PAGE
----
Bacchus was the Roman god of wine and agriculture. He was the son of the head god Jupiter and his mother was a mortal named Semele. Bacchus had a difficult birth, in that his mother was burnt up prior to his birth by gazing upon Jupiter in his divine form. This occurred due to trickery on the part of Juno (Jupiter’s divine wife), who did not appreciate her husbands’ wandering nature. Mortals were unable to view gods in their divine form and, usually, dealt with them in a transformed state. Jupiter sowed the foetus into his thigh until Bacchus was ready to be born. Bacchus: What a god he is! Twice born and brought up by fierce Maenads, the bacchantes.
From Bacchus Myth to Bacchus Marsh
One cannot underestimate the importance of wine to the Graeco-Roman ancient world. Dionysus was the name of the Greek god of wine and agriculture, from which the Romans borrowed their version of the same. Even Down Under, we have the town of Bacchus Marsh, named after Captain William Henry Bacchus. Whose family name may well have its origin in the great god Bacchus, somewhere down the line. Thus, we have the grape god inspiring even a dentist in the Australian town of Bacchus Marsh, albeit indirectly.
The Grape Graces Us with the Semi-Divine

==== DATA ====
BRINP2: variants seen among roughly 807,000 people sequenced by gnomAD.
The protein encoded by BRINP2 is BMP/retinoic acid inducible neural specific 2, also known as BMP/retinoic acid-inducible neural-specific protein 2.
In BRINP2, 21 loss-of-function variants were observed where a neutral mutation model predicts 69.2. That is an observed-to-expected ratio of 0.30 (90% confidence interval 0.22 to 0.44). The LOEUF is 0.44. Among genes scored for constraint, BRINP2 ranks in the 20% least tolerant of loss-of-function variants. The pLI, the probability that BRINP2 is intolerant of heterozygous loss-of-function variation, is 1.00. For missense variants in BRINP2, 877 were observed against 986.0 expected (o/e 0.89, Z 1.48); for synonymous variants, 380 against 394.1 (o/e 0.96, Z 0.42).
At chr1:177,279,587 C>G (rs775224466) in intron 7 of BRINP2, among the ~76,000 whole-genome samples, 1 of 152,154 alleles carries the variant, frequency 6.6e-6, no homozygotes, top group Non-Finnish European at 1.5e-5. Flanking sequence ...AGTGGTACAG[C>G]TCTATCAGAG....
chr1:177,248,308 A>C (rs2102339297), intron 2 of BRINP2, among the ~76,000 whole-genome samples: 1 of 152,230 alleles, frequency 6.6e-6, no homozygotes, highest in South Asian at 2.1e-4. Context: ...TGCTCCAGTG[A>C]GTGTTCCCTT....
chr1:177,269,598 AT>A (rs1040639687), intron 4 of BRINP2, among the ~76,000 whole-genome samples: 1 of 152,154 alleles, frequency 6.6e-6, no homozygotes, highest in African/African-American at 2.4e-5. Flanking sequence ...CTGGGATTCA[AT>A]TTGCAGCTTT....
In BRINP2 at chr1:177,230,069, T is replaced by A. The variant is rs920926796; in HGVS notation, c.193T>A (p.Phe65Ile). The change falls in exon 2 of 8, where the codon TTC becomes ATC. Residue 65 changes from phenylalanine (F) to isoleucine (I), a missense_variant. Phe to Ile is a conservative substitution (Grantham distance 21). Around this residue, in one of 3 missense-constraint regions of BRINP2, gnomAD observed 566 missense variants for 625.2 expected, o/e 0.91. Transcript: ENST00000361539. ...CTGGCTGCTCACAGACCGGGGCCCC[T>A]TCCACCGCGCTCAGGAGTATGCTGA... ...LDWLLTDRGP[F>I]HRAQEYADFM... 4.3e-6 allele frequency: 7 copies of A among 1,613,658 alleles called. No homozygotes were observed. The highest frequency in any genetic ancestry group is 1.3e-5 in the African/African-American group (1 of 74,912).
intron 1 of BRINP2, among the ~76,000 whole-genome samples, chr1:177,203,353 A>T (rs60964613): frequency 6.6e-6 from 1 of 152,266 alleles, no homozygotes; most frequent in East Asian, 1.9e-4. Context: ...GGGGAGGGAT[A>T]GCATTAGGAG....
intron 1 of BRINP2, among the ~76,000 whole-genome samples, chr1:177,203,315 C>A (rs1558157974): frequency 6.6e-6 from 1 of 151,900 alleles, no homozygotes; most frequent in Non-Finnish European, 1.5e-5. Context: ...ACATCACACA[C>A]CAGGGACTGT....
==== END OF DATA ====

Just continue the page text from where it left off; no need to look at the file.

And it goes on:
Homo sapiens seem to enjoy naming the prosaic with high falutin monikers. A track becomes a street and is, then, graced with the name of some divinity, hero, king or queen. We invest our little lives with aspirational conceptions in an attempt to ensure that we are perceived as more than two legged animals. Our love of wine, of getting pissed, is recognised as a semi-divine state in ode to the great god Bacchus. Drinking wine on the couch was a sign of status in the ancient Roman world. There were slaves to serve their masters and mistresses, as they reclined on their dining couches, with cups in hand.
A fit looking bearded bloke with bunches of grapes in hand, he does not look like a big imbiber (perhaps Bacchus does not get high on his own supply). Bacchus was an inspirational force for art, love and an energy beyond the rational. Wild women would rip apart their victims on mountainsides, like beasts in the wild. These maenads were in service to the great god Bacchus. It did not do to get on the wrong side of Bacchus in the ancient world.